A group of physicians and human rights activist claim that the United States government used shoddy and intentionally biased science in order to downgrade what was considered torture to "enhanced interrogation techniques."
British doctor Andrew Wakefield already lost his medical license over his faulty research linking vaccines and autism, but now a new report says his 1998 paper, published in the Lancet, was actually fraudulent.
Roland Emmerich's 2012 has the worst science in a science fiction film, according to NASA's experts — followed by Armageddon, Volcano, The Sixth Day and Chain Reaction. So what were the films with the best science, according to NASA?
Have you resolved this New Year to reveal your Theory of Everything to the scientific world, but aren't sure how to do it in a maximally off-putting and confusing way? In this week's "Ask a Physicist," we'll find out how.
Doctor Who shouldn't really be called science fiction, says author Terry Pratchett. It's "ludicrous and breaks most of the laws of narrative," he adds, in a tongue-in-cheek but fairly bracing critique. Guards! Guards?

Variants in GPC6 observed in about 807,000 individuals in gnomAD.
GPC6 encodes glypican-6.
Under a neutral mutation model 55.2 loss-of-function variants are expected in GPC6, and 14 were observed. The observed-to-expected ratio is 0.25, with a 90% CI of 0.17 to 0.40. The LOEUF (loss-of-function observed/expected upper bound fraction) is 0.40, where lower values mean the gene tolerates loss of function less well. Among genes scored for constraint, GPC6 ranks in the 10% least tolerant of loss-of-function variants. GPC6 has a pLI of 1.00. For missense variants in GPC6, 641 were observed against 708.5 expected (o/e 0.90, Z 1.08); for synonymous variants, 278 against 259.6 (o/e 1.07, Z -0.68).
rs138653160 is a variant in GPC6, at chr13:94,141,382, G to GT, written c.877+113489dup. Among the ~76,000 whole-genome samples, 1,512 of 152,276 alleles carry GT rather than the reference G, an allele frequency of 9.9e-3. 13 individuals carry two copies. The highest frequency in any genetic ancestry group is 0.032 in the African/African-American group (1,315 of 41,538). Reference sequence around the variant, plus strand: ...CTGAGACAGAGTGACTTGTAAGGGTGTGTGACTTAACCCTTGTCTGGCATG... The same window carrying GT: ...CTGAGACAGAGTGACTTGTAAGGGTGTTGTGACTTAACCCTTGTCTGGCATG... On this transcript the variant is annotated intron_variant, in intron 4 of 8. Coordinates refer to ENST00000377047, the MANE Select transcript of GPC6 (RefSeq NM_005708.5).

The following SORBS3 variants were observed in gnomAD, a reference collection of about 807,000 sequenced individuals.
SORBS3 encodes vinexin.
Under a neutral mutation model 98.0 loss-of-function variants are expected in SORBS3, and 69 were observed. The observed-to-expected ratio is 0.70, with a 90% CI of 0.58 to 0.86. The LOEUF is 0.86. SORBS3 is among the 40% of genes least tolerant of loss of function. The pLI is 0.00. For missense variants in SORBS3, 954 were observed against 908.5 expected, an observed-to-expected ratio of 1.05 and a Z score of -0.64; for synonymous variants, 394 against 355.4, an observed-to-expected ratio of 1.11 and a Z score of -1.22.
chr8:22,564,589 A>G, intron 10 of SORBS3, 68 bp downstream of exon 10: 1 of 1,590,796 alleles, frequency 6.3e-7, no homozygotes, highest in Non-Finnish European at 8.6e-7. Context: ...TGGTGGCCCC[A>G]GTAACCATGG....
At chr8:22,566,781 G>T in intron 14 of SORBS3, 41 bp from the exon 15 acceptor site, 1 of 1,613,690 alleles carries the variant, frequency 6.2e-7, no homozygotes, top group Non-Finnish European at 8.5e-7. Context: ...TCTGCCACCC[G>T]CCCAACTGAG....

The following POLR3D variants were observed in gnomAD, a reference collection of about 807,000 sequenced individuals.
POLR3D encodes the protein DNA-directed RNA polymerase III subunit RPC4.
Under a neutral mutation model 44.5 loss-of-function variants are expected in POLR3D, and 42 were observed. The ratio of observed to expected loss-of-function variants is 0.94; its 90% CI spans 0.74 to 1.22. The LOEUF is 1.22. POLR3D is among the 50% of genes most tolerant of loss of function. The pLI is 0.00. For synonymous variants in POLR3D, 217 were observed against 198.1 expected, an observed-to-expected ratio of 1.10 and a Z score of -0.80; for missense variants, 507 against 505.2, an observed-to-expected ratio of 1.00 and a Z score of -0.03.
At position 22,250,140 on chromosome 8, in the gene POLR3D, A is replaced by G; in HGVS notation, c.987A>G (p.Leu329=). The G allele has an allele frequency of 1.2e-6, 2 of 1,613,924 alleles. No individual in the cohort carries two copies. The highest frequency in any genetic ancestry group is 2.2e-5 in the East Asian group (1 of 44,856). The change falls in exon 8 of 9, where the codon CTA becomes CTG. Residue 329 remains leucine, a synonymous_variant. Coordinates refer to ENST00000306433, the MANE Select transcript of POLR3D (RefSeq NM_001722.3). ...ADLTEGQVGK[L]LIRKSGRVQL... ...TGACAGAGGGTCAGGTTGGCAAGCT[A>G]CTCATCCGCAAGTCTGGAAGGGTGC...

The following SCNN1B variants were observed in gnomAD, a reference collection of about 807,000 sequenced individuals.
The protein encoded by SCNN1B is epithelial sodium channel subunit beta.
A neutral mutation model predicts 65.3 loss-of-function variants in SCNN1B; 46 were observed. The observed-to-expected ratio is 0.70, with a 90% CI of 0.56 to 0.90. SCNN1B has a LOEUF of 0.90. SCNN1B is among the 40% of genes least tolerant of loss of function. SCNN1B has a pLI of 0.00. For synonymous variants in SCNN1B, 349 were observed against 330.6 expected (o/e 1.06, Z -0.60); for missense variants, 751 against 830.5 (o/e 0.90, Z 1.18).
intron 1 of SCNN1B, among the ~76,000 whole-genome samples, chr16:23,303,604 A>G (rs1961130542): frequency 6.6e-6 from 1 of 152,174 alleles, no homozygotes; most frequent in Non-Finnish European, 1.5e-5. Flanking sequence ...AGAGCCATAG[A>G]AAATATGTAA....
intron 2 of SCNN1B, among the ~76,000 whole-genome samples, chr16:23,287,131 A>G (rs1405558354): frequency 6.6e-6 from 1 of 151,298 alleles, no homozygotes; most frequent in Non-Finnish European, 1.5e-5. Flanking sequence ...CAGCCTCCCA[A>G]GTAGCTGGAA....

Jeff Fahey and his random scummy colleague have just a few seconds to get to their underground bunker before the Earth's temperature reaches... Absolute Zero! Yes, the temperature is going to be colder than space. But they can outrun it!
Physicist Sidney Perkowitz has one simple request for scifi filmmakers: please break the laws of physics only once per movie. He insists this for Tinseltown's own good, as audiences' disbelief can be only be suspended so far.
The debate over bad science in science-fiction movies has gotten a major new source of ammunition: Phil Plait, writing for Discover Magazine, has rounded up a fairly definitive list of the best and worst moments in movie science.